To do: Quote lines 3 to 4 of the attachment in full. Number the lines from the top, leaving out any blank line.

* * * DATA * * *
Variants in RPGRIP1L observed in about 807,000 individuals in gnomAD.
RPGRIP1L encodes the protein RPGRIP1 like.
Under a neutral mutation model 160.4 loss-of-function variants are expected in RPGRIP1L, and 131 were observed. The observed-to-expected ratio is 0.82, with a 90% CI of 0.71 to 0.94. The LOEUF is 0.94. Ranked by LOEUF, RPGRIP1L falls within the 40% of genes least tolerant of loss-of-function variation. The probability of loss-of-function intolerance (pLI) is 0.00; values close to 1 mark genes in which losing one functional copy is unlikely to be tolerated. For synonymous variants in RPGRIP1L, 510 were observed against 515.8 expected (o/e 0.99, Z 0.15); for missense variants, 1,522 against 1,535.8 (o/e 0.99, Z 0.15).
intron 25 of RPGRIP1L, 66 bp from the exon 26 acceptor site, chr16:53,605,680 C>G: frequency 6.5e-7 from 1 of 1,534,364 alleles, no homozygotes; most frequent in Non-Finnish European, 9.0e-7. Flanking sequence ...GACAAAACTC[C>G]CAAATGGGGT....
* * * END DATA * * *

Under a neutral mutation model 160.4 loss-of-function variants are expected in RPGRIP1L, and 131 were observed. The observed-to-expected ratio is 0.82, with a 90% CI of 0.71 to 0.94. The LOEUF is 0.94. Ranked by LOEUF, RPGRIP1L falls within the 40% of genes least tolerant of loss-of-function variation. The probability of loss-of-function intolerance (pLI) is 0.00; values close to 1 mark genes in which losing one functional copy is unlikely to be tolerated. For synonymous variants in RPGRIP1L, 510 were observed against 515.8 expected (o/e 0.99, Z 0.15); for missense variants, 1,522 against 1,535.8 (o/e 0.99, Z 0.15).
intron 25 of RPGRIP1L, 66 bp from the exon 26 acceptor site, chr16:53,605,680 C>G: frequency 6.5e-7 from 1 of 1,534,364 alleles, no homozygotes; most frequent in Non-Finnish European, 9.0e-7. Flanking sequence ...GACAAAACTC[C>G]CAAATGGGGT....